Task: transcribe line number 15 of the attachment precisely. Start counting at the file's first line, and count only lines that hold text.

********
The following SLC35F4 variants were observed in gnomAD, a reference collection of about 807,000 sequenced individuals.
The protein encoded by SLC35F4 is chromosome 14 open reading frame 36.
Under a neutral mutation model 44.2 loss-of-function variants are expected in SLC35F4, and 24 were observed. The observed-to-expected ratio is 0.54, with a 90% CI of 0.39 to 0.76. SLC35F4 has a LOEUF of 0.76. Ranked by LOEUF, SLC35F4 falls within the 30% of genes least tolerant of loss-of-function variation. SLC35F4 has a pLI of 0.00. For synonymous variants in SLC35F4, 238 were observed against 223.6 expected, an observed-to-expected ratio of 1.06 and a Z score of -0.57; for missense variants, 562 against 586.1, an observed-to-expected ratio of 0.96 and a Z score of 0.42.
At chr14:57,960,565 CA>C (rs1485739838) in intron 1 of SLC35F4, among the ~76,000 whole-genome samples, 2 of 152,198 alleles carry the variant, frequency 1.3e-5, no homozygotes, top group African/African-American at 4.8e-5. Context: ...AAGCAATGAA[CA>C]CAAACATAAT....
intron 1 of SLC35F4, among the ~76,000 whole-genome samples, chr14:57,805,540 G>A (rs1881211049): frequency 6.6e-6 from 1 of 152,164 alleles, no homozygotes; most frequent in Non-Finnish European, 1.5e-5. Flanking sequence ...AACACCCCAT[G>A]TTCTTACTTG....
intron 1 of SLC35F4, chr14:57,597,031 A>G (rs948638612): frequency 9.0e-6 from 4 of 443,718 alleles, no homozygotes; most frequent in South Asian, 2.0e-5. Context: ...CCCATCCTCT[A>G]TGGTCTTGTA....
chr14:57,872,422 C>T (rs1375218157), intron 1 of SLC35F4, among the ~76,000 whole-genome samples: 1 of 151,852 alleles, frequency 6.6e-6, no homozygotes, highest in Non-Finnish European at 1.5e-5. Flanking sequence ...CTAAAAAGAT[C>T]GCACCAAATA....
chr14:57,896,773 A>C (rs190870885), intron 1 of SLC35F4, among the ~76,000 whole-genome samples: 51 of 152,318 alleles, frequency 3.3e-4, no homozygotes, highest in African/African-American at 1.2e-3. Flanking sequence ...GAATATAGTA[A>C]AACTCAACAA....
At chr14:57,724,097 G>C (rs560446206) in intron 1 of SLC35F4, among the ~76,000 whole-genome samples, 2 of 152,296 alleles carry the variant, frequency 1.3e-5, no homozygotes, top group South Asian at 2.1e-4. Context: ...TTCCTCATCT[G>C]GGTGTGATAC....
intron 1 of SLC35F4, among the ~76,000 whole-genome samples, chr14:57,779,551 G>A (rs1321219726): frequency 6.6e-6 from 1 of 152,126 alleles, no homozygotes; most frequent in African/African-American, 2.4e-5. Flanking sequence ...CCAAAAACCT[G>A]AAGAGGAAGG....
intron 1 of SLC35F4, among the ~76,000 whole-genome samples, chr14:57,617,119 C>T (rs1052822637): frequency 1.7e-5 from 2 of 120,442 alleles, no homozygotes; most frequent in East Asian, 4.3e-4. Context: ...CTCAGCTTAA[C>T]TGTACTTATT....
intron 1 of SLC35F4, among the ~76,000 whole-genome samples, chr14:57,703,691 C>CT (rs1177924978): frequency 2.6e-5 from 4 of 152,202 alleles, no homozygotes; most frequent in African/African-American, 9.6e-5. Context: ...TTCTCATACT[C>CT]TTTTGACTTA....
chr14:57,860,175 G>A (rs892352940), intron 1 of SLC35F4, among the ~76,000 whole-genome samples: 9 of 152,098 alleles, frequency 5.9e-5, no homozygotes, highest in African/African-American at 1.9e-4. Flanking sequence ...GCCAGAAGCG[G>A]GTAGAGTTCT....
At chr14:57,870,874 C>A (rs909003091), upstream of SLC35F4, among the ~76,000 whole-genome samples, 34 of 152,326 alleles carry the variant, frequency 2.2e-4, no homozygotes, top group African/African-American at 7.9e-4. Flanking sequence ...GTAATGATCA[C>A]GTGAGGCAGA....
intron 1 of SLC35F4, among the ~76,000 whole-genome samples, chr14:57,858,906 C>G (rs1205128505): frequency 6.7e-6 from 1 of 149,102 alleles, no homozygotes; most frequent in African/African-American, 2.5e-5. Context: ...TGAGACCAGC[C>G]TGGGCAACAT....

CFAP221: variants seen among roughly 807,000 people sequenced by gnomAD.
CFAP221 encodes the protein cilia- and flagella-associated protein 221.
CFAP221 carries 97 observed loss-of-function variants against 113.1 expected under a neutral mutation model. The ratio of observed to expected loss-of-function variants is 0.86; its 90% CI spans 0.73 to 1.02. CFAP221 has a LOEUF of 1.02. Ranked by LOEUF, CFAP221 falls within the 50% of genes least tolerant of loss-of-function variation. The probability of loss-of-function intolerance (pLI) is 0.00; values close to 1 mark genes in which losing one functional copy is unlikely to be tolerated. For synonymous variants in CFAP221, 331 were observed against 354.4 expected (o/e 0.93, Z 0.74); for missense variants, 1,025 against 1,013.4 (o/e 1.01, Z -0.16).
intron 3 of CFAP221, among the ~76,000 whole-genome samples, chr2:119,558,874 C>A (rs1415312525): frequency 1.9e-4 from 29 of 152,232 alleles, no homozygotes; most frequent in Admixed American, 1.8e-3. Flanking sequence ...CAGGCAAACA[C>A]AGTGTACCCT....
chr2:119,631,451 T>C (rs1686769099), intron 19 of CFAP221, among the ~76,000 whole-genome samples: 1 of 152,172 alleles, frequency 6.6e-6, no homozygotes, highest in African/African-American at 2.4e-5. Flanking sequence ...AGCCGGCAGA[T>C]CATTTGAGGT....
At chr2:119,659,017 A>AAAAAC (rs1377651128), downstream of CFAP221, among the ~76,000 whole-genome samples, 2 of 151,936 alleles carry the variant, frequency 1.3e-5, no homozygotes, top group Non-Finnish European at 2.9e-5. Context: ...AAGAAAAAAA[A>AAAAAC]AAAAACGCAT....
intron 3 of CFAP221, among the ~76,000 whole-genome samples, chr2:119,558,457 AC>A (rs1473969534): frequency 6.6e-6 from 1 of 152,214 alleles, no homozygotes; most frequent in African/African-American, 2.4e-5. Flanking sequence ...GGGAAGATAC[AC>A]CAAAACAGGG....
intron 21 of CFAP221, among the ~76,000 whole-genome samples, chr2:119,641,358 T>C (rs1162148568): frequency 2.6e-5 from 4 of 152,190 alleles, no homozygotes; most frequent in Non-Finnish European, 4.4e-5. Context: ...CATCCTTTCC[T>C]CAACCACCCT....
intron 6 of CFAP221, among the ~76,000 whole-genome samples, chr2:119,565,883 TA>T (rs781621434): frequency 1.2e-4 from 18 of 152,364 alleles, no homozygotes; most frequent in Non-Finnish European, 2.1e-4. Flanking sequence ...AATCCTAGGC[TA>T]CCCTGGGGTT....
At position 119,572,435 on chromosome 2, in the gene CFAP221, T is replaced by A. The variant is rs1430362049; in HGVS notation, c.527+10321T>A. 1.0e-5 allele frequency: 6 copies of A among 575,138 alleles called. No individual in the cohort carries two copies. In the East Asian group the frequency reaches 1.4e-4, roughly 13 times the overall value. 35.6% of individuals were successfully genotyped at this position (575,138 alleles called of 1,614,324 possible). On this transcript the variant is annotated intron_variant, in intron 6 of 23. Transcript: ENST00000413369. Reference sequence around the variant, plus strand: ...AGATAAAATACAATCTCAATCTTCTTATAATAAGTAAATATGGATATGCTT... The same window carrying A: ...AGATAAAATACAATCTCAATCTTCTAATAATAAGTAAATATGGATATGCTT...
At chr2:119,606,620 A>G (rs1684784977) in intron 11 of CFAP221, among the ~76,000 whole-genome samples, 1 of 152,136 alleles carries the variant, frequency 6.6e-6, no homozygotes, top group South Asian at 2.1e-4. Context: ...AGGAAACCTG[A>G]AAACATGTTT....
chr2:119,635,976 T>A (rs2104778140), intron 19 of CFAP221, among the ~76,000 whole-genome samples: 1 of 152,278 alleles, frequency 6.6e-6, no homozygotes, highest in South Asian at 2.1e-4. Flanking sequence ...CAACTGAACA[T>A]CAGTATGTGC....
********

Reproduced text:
intron 1 of SLC35F4, among the ~76,000 whole-genome samples, chr14:57,858,906 C>G (rs1205128505): frequency 6.7e-6 from 1 of 149,102 alleles, no homozygotes; most frequent in African/African-American, 2.5e-5. Context: ...TGAGACCAGC[C>G]TGGGCAACAT....